Growing support for the protesting wrestlers appears to be a positive sign. It indicates how large numbers of people feel: their desire for justice, their outrage at the physical hardships being forced on the protesters and the police violence, their pride in young women from non-urban backgrounds who have made the country proud with their hard-won feats. The situation has at its centre women, one a minor, who complained about sexual harassment against the man in charge. But why should they need support at all? They have complained against an alleged crime; why must they sit in protest as though there is no process of law? That is a bigger issue than public support, which has nothing to do with the justice process. What the support, welcome and wonderful as it may be, does is to bring in a thousand other factors into play — political, social, economic. It pits the State against the people, emphasising government inaction and its weaponising of the police, thus creating a gripping theatre where the alleged crime, its gravity and impact on the women become a thumbnail sketch. The trigger certainly, but thumbnail, nonetheless.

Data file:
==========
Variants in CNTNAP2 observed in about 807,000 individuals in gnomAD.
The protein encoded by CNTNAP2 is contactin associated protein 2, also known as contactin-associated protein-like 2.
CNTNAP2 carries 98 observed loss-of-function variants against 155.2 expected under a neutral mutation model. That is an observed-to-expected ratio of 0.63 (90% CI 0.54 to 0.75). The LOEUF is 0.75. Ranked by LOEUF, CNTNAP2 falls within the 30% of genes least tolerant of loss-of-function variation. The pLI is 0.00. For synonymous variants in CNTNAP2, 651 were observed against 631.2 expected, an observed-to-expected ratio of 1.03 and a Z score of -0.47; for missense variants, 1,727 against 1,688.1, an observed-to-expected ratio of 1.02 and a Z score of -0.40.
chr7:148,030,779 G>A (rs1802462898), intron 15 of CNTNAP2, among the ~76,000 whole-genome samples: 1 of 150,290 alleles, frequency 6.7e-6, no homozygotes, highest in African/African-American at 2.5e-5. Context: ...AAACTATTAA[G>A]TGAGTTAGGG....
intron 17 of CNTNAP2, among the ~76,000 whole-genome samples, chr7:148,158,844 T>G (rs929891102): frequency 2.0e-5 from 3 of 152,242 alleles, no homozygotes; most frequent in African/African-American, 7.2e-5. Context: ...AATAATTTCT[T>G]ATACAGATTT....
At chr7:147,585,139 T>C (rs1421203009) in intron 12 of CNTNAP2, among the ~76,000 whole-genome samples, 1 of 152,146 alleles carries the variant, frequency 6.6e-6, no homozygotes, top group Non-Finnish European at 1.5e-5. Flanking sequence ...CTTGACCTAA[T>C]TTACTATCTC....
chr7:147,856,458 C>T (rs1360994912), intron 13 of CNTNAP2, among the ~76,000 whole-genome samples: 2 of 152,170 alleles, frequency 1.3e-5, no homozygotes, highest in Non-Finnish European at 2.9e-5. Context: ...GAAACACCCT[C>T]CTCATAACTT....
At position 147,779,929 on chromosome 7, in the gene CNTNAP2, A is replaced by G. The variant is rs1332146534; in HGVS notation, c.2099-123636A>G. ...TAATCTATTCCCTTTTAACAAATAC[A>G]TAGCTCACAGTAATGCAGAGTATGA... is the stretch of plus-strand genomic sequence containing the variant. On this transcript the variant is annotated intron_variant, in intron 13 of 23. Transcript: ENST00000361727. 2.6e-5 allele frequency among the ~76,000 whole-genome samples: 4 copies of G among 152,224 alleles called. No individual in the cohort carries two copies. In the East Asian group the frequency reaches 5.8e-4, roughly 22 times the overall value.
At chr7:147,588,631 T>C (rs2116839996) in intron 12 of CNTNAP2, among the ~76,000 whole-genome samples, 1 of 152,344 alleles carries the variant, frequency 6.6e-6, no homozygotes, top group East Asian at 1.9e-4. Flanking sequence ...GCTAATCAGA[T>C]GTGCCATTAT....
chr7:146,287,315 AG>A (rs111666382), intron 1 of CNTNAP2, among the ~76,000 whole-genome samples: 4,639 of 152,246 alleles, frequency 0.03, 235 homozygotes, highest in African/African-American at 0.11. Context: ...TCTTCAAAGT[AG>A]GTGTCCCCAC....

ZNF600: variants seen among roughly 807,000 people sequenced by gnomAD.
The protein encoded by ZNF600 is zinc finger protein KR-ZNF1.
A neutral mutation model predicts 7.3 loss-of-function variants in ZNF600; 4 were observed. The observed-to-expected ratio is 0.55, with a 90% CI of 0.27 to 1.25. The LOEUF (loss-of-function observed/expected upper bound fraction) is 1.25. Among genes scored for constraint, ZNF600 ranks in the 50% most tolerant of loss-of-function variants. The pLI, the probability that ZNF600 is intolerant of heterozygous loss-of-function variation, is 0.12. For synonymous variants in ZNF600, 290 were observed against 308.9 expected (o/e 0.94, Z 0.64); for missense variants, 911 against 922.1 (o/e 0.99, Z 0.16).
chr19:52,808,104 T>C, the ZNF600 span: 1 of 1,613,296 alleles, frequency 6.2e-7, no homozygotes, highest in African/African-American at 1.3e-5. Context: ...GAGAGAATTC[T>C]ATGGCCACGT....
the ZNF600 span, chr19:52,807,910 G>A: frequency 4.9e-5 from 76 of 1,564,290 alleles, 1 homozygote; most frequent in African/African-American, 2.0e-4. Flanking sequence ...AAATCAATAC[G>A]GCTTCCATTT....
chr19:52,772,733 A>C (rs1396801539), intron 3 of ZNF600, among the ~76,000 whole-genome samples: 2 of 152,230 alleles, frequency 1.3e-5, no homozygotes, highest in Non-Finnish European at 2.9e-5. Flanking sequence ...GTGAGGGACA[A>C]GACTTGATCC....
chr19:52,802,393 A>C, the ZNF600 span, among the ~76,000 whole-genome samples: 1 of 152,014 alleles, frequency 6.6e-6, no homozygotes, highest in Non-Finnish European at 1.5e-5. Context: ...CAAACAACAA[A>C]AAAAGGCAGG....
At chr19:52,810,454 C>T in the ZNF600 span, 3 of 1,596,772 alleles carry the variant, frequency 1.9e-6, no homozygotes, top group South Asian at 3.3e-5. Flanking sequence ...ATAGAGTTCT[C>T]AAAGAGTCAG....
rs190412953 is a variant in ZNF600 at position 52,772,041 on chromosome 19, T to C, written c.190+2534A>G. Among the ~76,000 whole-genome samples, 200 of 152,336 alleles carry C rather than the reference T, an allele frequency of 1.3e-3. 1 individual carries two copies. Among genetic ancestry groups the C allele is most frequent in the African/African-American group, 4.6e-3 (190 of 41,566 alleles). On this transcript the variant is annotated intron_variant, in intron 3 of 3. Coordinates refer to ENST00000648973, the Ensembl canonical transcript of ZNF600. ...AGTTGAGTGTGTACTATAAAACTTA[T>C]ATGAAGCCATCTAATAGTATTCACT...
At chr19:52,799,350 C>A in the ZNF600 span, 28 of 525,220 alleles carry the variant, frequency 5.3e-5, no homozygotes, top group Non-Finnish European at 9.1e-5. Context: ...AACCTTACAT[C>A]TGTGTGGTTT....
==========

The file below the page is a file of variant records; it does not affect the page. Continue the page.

That diminishes the searing effects of sexual violence and male sexual entitlement which define relationships in Indian society. That the wrestlers are exceptional in their achievements for the nation makes this clearer. Their struggle to be heard through incredible odds is almost emblematic of society’s normalisation of sexual oppression. Against this are publicised images of the accused surrounded by sadhus, with senior leaders of the majority religion calling him a ‘religious’ man who has been needlessly drawn into a ‘controversy’. The presence of sadhus during the inauguration of the new Parliament building put the official seal on their importance in the country. Their rhetoric, reducing alleged sexual harassment to a needless controversy, is thus a marker of the institutionalised degradation of women that the Narendra Modi-led government supports, manifested as it often is in the treatment of victims of gang rape or in the freeing of the convicts in the Bilkis Bano case. The government’s silence — where is the protest from present sports heroes that the people adore? — is a perfect match for the sadhus’ smug rhetoric that associates being ‘religious’ with being above the law. It is a great tragedy that it is necessary to welcome the support that the protesting wrestlers are getting today.